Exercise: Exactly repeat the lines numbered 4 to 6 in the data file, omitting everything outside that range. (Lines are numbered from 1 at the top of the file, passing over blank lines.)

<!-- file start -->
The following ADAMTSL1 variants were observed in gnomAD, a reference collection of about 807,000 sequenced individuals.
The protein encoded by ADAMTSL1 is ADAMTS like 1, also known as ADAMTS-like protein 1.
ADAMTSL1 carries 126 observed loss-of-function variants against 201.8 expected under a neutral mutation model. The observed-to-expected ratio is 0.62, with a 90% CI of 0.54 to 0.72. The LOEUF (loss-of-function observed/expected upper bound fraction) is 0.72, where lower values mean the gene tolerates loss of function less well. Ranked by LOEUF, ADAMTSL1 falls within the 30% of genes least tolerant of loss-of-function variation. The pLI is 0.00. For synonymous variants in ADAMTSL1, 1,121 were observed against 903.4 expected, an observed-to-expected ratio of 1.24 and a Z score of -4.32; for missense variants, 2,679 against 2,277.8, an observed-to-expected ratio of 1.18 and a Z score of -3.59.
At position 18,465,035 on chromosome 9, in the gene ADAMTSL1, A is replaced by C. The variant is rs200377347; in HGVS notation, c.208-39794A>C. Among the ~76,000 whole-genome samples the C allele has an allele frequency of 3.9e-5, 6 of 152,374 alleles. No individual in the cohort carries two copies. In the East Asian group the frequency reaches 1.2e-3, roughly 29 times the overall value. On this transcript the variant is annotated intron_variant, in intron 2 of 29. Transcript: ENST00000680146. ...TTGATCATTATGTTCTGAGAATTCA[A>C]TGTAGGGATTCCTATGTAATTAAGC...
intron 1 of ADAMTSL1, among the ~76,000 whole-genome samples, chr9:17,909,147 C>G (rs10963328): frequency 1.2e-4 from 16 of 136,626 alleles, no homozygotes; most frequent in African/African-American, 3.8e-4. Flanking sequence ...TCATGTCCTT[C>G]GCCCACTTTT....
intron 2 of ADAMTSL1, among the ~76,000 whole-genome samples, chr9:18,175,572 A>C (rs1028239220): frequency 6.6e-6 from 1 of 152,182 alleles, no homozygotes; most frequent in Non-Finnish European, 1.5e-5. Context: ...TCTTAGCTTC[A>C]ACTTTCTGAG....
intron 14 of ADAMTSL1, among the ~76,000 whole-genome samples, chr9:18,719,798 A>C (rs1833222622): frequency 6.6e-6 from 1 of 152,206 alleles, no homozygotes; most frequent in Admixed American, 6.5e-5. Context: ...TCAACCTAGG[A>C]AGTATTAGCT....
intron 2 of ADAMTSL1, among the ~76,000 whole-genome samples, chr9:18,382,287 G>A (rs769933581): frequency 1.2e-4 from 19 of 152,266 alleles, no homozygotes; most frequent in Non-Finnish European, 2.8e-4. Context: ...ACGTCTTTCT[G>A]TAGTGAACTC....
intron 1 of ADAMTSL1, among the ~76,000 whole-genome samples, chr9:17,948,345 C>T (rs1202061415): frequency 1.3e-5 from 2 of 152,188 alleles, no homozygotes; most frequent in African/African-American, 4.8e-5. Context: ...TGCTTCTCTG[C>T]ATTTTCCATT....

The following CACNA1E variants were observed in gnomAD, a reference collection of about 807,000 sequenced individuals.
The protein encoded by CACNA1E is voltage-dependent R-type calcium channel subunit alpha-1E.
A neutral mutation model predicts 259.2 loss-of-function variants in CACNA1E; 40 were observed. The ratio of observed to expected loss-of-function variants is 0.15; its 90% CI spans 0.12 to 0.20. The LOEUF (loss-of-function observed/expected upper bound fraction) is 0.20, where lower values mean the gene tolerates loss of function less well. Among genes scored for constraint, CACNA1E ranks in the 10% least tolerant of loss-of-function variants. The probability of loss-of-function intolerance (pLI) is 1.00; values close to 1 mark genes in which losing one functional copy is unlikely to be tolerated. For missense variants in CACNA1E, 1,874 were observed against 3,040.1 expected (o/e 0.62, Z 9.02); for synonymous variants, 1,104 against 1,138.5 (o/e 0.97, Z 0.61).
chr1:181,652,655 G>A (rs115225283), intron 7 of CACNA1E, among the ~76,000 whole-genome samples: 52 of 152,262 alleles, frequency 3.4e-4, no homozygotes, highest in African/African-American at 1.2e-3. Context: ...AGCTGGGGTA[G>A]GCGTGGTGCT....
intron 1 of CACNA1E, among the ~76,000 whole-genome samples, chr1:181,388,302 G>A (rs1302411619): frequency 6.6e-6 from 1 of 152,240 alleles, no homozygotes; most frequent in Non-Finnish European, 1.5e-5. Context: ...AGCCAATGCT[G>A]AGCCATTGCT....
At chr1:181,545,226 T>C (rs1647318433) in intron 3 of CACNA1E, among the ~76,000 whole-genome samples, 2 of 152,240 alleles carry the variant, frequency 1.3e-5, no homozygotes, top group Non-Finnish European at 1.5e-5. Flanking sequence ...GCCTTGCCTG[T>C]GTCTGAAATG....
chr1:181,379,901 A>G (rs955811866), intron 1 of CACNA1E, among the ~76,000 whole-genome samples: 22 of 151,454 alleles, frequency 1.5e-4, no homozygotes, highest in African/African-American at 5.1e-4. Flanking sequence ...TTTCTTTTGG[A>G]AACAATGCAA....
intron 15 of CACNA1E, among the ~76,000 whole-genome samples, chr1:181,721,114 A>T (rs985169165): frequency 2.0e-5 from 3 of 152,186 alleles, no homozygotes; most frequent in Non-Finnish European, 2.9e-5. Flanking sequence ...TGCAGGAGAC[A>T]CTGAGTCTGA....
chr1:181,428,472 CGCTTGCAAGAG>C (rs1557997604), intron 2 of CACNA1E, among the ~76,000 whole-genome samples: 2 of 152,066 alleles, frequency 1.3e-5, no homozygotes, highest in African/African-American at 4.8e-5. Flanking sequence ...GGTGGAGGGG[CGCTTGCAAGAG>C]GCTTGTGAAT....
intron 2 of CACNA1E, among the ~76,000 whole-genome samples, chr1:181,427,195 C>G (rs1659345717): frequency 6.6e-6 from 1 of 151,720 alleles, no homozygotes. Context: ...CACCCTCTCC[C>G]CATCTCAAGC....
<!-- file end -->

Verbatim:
At position 18,465,035 on chromosome 9, in the gene ADAMTSL1, A is replaced by C. The variant is rs200377347; in HGVS notation, c.208-39794A>C. Among the ~76,000 whole-genome samples the C allele has an allele frequency of 3.9e-5, 6 of 152,374 alleles. No individual in the cohort carries two copies. In the East Asian group the frequency reaches 1.2e-3, roughly 29 times the overall value. On this transcript the variant is annotated intron_variant, in intron 2 of 29. Transcript: ENST00000680146. ...TTGATCATTATGTTCTGAGAATTCA[A>C]TGTAGGGATTCCTATGTAATTAAGC...
intron 1 of ADAMTSL1, among the ~76,000 whole-genome samples, chr9:17,909,147 C>G (rs10963328): frequency 1.2e-4 from 16 of 136,626 alleles, no homozygotes; most frequent in African/African-American, 3.8e-4. Flanking sequence ...TCATGTCCTT[C>G]GCCCACTTTT....
intron 2 of ADAMTSL1, among the ~76,000 whole-genome samples, chr9:18,175,572 A>C (rs1028239220): frequency 6.6e-6 from 1 of 152,182 alleles, no homozygotes; most frequent in Non-Finnish European, 1.5e-5. Context: ...TCTTAGCTTC[A>C]ACTTTCTGAG....